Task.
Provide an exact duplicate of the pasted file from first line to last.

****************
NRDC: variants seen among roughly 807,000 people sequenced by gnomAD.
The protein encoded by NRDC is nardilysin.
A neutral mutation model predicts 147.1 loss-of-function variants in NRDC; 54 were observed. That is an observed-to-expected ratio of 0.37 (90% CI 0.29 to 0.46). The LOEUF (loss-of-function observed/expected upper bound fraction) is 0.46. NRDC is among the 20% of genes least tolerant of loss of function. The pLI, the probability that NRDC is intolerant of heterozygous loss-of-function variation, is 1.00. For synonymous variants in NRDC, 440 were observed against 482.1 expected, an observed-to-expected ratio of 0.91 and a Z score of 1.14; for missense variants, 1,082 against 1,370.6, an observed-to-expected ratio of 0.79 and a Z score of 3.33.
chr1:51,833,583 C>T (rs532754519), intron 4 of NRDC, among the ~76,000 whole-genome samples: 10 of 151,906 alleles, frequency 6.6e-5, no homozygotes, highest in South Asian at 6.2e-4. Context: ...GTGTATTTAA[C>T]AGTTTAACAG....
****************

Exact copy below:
NRDC: variants seen among roughly 807,000 people sequenced by gnomAD.
The protein encoded by NRDC is nardilysin.
A neutral mutation model predicts 147.1 loss-of-function variants in NRDC; 54 were observed. That is an observed-to-expected ratio of 0.37 (90% CI 0.29 to 0.46). The LOEUF (loss-of-function observed/expected upper bound fraction) is 0.46. NRDC is among the 20% of genes least tolerant of loss of function. The pLI, the probability that NRDC is intolerant of heterozygous loss-of-function variation, is 1.00. For synonymous variants in NRDC, 440 were observed against 482.1 expected, an observed-to-expected ratio of 0.91 and a Z score of 1.14; for missense variants, 1,082 against 1,370.6, an observed-to-expected ratio of 0.79 and a Z score of 3.33.
chr1:51,833,583 C>T (rs532754519), intron 4 of NRDC, among the ~76,000 whole-genome samples: 10 of 151,906 alleles, frequency 6.6e-5, no homozygotes, highest in South Asian at 6.2e-4. Context: ...GTGTATTTAA[C>T]AGTTTAACAG....